"Diamonds" is probably the best and the most famous piece here, a #1 hit in the UK at the time. There's also a cover of Elmer Bernstein's theme from The Man with the Golden Arm and a tune called "Scarlett O'Hara".
There are some vocal numbers too. They're not going to blow you away but Harris has a good voice and they provide a nice contrast to the instrumentals.
The fifty-second Soundtrack of the Week is Frankie Chan's score for Wong Kar Wai's Dung che sai duk (Ashes of Time).
I like some synth soundtracks. Goblin and Tangerine Dream come to mind. So does this (and the music for some other Hong Kong movies).
Of course, I have to be in the right mood for it and I can only listen to it when I'm by myself. There's one kind of cool vocal number and one possibly unembarrassing kind of groovy number. The main theme is simple but wistful and quite pretty.
I bought this in Chinatown when the movie first came out and was playing there. I saw it—at, I think, the Rosemary Theatre (now a Buddhist temple)—three times, mostly because I was completely baffled by it the first two times.
I don't usually bother going to see a movie that many times, no matter how confusing, but Christopher Doyle's cinematography is always a pleasure to watch.
New on the Gutbrain bookshelf is this fantastic volume: Pop Surf Culture: Music, Design, Film, and Fashion from the Bohemian Surf Boom.
A plaintively meowing stray cat also appears—significantly, I think—in the last scene of the film. It's hard to see here but it's in the bottom left, skipping over the gutter.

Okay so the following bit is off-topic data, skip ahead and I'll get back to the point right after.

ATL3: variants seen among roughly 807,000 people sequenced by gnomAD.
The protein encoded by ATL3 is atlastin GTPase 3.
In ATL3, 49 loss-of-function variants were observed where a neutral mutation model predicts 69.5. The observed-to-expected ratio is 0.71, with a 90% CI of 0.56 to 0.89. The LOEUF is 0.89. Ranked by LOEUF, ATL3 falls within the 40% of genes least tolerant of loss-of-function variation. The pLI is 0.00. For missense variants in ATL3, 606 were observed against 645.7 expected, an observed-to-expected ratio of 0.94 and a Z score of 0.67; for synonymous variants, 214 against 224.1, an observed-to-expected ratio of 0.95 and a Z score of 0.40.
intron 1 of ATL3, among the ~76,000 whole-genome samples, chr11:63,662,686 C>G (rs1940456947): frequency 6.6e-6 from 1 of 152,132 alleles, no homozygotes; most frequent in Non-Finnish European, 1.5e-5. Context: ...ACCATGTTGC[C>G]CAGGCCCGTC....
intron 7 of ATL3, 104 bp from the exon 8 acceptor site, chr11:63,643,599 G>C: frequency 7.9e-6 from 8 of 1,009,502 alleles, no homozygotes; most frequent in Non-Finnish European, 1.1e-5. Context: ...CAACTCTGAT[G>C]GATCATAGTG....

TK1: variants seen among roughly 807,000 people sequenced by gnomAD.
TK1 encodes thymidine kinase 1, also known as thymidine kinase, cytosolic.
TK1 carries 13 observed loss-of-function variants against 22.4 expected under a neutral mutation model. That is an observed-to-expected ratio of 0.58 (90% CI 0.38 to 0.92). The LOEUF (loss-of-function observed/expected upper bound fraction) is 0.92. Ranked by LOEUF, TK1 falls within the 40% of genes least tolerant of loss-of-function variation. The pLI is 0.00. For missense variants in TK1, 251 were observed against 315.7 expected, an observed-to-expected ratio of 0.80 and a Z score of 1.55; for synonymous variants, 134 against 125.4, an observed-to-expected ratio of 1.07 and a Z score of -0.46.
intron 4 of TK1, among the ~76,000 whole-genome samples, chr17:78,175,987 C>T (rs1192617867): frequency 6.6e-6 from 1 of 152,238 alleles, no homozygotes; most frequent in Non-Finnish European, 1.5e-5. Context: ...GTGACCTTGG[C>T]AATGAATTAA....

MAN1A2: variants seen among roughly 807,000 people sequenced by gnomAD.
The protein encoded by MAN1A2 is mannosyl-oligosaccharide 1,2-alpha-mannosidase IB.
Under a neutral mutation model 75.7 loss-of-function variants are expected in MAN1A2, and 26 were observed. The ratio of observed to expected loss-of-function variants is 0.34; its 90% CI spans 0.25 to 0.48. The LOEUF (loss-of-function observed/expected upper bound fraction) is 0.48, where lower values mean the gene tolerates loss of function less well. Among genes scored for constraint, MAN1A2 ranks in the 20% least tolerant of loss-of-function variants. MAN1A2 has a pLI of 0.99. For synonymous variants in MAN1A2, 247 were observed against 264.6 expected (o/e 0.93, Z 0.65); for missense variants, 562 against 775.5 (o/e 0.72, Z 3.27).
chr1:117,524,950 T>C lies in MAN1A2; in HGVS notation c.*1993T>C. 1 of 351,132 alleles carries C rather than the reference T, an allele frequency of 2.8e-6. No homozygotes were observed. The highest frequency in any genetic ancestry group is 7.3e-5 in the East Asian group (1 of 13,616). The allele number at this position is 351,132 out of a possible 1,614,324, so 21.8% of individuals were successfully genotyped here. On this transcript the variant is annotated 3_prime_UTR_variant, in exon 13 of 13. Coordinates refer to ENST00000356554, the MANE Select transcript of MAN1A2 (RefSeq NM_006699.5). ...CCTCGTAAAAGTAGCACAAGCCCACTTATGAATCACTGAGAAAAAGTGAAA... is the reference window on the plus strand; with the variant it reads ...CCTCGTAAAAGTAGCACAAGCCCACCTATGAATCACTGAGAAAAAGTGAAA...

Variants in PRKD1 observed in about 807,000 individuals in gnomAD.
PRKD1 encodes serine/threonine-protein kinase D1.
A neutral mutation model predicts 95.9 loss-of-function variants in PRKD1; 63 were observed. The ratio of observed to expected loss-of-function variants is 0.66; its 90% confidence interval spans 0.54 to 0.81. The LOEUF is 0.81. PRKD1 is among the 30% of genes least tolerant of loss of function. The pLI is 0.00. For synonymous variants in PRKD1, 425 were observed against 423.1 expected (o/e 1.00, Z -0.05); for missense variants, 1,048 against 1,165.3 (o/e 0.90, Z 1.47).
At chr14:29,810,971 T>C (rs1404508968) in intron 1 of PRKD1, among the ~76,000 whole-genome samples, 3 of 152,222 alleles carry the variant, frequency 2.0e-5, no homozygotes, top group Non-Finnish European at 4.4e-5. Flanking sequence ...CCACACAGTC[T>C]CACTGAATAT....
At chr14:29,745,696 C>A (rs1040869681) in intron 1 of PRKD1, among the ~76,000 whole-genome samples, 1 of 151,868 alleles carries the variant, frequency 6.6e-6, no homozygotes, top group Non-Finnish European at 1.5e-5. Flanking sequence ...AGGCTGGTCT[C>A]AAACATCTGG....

Brooklyn is hosting the so-called World Series of Beards, the New York City Beard and Moustache Championship. It includes a "Recession Beard" category, for those who have recently lost their jobs.
The fifty-first Soundtrack of the Week is ¡Mátalo! (a.k.a. Kill Him!) by Mario Migliardi.
Who is Mario Migliardi? I had never heard of him (or this movie) before, but I was blown away by the opening track on this CD, a psychedelic rock cut that sounds like a collaboration between Black Sabbath and Goblin.
The CD opens with the single version of this piece, but there is the full soundtrack version, later on. It's almost ten minutes long!
The rest of the music is also wonderful, at times suggesting horror films, or sci-fi films, or lost Os Mutantes recordings — everything except a spaghetti western, which is what ¡Mátalo! is.
Mario Migliardi's imdb page lists only 11 movies that credit him as composer. They all sound great: Il pianeta degli uomini spenti (a.k.a. Planet of the Lifeless Men), Die Turm der verbotenen Liebe (a.k.a. Tower of Screaming Virgins), Prega il morto e ammazza il vivo (a.k.a. Pray to Kill and Return Alive, a.k.a Shoot the Living and Pray for the Dead, a.k.a. To Kill a Jackal, a.k.a. Renegade Gun), etc.
Here's the cover of the March 1939 issue of Railroad Magazine.
I bought this at the flea market at P.S. 321 on 7th Avenue in Park Slope last weekend, mere moments after complaining to Alice that there was never anything I wanted or could afford at that flea market. I also picked up two issues of Argosy.
The fiftieth Soundtrack of the Week is David Shire's score for The Conversation.
I listen to this CD over and over. Most of it is solo piano, to my ears reminiscent of Erik Satie's beautiful solo piano compositions, though apparently Shire was inspired more by Chopin nocturnes.
Some of these cues are actually Shire's home recordings, his piano slightly out of tune. Even though Shire recorded the same material in a professional studio on a Steinway grand, his rough temp tracks had a quality that director Francis Ford Coppola preferred.
There are also some frightening sounds generated for a memorable scene later in the film — I think the track title "Plumbing Problem" will refresh your memory, if you've seen this excellent movie before — and also a few jazz combo cuts performed by a version of Shelly Manne and His Men with the addition of baritone sax: Shelly Manne on drums, Ray Brown on bass, Jack Nimitz on baritone sax, Pete Jolly on piano, Conte Candoli on trumpet and Don Menza on tenor sax—and Gene Hackman also on tenor. He actually did his own tenor sax playing in the movie!